I have a question for you though that leads a bit into another direction. Most of the time projections are considered a defense reaction connected with negative effects for a person or their surroundings. I wonder though if there is nothing positive to report about this extraordinary mental ability? Maybe it can be used in therapy for something more positive? What’s your opinion on that?

    Best,
    Nini

    Nini, I definitely think there are positive aspects and uses for projection. In my first post on the subject, I talked about how projection is the earliest form of communication for infants and their caretakers. In therapy, I find that projections, while also defense mechanisms, allow me to understand my clients — another kind of communication. The ability to experience things variously must also have to do with projection, don’t you think?

    Hi Joseph, at 62 I’m still dealing with my 92 yr old
    Mothers very negative projections onto me.
    Twenty yrs ago, my family and I moved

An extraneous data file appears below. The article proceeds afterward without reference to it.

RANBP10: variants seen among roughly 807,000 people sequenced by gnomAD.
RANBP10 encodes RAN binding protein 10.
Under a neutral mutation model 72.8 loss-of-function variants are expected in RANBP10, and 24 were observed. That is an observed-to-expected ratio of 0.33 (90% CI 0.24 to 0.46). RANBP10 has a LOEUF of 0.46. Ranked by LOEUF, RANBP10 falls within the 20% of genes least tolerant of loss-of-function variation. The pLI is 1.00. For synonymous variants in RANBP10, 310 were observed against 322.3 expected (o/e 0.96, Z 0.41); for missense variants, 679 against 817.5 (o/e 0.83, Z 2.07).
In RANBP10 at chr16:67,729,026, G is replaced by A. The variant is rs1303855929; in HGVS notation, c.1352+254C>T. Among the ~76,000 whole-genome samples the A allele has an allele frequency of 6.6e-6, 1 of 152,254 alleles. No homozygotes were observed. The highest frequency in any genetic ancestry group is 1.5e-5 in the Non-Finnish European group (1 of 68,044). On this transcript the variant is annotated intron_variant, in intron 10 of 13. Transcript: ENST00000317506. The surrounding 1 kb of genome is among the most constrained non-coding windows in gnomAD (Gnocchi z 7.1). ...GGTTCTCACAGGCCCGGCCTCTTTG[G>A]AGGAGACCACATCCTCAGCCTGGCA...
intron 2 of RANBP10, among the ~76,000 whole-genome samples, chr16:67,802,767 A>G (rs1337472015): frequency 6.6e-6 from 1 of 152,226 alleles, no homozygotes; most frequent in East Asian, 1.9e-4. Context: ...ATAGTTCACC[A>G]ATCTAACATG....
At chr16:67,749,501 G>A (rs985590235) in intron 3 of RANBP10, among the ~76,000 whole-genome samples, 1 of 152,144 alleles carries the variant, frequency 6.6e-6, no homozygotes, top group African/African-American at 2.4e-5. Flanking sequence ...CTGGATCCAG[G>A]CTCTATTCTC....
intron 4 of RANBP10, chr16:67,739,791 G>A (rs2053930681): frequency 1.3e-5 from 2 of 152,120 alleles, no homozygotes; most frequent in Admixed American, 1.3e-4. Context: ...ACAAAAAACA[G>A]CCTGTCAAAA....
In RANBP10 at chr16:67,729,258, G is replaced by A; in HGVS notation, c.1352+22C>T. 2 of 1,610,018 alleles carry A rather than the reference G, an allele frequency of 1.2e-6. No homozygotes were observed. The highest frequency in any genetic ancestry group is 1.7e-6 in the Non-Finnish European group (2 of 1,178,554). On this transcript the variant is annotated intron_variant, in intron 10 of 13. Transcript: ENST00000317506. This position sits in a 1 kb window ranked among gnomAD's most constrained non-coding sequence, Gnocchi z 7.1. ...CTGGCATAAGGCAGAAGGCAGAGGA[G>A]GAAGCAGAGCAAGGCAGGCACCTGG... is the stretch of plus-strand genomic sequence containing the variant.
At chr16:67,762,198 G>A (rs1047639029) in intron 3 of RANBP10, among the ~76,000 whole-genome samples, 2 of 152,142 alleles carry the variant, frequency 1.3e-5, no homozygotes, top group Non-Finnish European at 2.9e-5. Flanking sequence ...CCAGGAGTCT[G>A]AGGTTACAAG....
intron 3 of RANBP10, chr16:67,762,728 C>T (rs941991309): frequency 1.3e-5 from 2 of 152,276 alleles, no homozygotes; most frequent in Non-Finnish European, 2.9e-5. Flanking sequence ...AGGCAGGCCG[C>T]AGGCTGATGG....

away from where she lives.. So since then I have only
    seem her every few months or so. The last
    visit was this past weekend. I was staying for
    three nites, but left after one. She awoke
    Saturday morning, 9am, and started verbally attacking me.
    Same old, same old.. But with more venom.
    I packed and left.. My dilemma is how to skilfully
    deal with this energy. Her age doesn’t seem to slow
    the entrenched projections I’ve worn all these yrs from this woman.
    My marriage of thirty yrs broke down three yrs ago.
    With my ex husband forming a new relationship with a co worker.
    They have packed up and moved to the other end of the country.
    Our five children( youngest of whom is now 16),
    have all lost connection with him. He also projected
    onto me( surprise, surprise).Both of them saw a woman I just don’t identify with.
    I am University educated, had five yrs of therapy in
    my twenties, but still this deep madness from my mother saw me choose a man who
    projected the same story onto me that my mother had.
    These last three yrs has involved a lot
    of introspection/ pause… But I’m still wanting to find
    some way to see my mother, in her final yrs, and
    shed the projection.. She can be very loving/ normal
    when we talk by phone, but once I’m in her presence,
    the verbal attacks start. I’m weary..

    You know that expression, you can’t teach an old dogs new tricks? You have good intentions but sadly, your motherly is unlikely to change despite all your best efforts. The change would have to come from HER.